Charlotte Torgovitsky

Charlotte Torgovitsky - Home Ground Habitat Nursery
Charlotte in her garden

Charlotte Torgovitsky is a naturalist, educator, and garden consultant who has lived with her family  in Novato for most of the last 28 years. An organic gardener since 1975, she is currently developing her own two acre property; working in a sustainable and resourceful way with native soils and plants to create gardens that provide for family and friends as well as sanctuary for wildlife. Charlotte’s habitat is one of the gardens featured in the new book “The California Wildlife Habitat Garden” by Nancy Bauer (UC Press, 2012).

An avid plant propagator for many years, she is founder of Home Ground Habitat Nursery. Charlotte was Garden Education Manager at the Marin Art and Garden Center from 2001 to 2009, where she created numerous California native gardens and educational programs for children and adults.

As an educator, Charlotte has taught Wildlife Friendly Gardening Plant Propagation, and Home Composting courses at the College of Marin, Adult Community Education. She has also taught Bay-Friendly gardening classes, and has been invited to lecture on these subjects at Sonoma State Sustainable Landscaping program, San Francisco Botanical Garden, Tilden Regional Parks, and numerous bay area garden clubs. Currently Charlotte teaches hands-on Home Composting for Marin Zero Waste; the county provides bins at a generously reduced price to students of these classes. A short tutorial on home composting, vermiculture, and sheet-mulching, plus additional detailed information, can be found at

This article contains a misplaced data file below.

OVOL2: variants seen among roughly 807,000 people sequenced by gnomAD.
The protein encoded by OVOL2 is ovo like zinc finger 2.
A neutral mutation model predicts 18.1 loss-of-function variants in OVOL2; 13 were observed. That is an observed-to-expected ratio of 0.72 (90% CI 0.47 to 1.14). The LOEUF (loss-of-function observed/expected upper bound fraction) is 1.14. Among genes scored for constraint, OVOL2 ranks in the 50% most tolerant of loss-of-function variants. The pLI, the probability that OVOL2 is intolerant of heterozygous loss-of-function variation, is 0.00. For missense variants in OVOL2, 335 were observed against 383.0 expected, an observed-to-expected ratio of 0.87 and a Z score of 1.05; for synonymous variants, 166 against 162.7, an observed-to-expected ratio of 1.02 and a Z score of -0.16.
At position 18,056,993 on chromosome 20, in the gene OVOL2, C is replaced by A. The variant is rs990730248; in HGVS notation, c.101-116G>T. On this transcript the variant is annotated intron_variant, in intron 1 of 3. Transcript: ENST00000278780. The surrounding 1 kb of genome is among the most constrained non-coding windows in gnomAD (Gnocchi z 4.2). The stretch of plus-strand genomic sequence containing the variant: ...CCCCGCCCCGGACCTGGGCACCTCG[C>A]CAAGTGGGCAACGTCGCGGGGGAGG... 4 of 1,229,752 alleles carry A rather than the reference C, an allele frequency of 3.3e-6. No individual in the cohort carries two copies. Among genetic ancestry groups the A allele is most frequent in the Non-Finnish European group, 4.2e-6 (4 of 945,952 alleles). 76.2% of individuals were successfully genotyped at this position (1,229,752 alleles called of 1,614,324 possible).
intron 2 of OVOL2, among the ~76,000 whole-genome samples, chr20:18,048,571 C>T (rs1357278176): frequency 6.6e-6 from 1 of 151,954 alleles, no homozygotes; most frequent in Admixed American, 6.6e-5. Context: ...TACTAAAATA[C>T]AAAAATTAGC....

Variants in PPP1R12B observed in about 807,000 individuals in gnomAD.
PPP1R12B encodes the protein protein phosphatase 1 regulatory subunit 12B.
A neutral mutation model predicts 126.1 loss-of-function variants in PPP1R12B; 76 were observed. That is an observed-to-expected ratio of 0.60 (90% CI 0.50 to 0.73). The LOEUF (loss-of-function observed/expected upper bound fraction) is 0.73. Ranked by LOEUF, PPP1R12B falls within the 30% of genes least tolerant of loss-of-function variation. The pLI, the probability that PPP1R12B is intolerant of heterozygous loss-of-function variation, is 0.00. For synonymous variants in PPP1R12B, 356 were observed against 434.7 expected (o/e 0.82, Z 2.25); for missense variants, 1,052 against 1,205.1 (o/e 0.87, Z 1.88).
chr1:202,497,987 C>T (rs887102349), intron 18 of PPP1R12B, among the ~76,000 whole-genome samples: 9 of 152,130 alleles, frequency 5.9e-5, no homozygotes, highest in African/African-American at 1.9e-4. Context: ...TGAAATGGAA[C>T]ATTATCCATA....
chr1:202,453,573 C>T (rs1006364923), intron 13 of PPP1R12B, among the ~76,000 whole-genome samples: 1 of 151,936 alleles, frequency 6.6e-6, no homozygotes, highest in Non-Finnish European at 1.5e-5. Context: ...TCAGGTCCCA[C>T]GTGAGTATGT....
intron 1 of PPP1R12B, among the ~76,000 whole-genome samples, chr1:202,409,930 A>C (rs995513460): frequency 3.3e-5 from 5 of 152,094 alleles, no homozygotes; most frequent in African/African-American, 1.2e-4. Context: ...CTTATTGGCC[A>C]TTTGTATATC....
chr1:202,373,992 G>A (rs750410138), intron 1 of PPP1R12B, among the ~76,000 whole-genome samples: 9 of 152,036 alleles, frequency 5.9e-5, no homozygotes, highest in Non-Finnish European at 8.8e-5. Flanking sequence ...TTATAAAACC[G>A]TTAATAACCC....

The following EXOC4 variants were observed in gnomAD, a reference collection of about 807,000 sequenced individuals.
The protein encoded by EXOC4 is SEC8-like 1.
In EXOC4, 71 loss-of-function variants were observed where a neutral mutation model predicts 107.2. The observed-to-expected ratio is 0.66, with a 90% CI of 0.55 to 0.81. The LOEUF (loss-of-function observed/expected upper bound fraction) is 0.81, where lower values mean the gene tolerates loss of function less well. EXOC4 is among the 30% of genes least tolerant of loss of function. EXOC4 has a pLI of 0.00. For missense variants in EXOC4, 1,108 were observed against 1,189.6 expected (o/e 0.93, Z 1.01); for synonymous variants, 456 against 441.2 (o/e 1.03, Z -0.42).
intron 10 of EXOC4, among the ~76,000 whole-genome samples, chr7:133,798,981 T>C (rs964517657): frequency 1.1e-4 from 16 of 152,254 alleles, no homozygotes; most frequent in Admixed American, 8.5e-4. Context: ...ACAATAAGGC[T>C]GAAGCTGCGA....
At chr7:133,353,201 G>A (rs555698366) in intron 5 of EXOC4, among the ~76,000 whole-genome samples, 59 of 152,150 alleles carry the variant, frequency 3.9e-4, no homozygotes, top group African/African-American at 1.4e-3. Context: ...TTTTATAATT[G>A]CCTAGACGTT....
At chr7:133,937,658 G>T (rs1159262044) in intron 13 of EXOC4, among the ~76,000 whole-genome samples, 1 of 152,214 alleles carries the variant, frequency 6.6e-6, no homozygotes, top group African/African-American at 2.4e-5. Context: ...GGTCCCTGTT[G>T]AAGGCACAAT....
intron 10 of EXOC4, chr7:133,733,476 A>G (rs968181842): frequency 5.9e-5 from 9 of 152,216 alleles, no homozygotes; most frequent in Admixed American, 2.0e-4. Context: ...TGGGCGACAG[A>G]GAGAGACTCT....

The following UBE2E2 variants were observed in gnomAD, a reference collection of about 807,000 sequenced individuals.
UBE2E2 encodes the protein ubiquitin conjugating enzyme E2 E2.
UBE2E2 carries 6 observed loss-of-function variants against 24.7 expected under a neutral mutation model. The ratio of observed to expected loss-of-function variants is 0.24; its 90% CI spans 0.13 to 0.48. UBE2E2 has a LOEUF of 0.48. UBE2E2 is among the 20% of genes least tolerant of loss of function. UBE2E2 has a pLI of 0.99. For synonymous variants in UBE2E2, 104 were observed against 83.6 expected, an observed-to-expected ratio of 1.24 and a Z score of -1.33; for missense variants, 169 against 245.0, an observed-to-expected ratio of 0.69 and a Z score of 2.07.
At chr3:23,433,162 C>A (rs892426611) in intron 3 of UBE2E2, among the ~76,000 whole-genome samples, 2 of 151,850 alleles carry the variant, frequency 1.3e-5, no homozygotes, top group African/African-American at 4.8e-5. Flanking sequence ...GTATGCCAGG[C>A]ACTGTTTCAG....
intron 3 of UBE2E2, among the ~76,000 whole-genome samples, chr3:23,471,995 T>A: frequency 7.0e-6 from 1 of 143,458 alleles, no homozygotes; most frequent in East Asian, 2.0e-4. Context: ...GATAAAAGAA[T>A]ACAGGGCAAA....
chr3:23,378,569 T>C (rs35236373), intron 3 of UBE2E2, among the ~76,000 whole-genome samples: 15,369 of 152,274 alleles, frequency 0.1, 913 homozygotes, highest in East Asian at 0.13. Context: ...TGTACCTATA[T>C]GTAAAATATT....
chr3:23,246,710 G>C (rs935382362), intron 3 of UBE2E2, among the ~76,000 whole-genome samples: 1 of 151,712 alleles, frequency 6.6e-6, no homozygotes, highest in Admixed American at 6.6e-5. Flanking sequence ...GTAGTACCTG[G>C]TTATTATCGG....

Charlotte currently serves as President of the Marin chapter of the California Native Plant Society. Charlotte also sits on the board of the Novato Live Well Network, where she contributes her efforts to the Novato Community Garden Project.

Charlotte's essays and articles have been published in Pacific Horticulture, and Fremontia magazines and the Marin IJ.  A number of her articles were included in the book “Gardening Among Friends”, edited by Barbara J. Euser (Solas House, Palo Alto, 2006).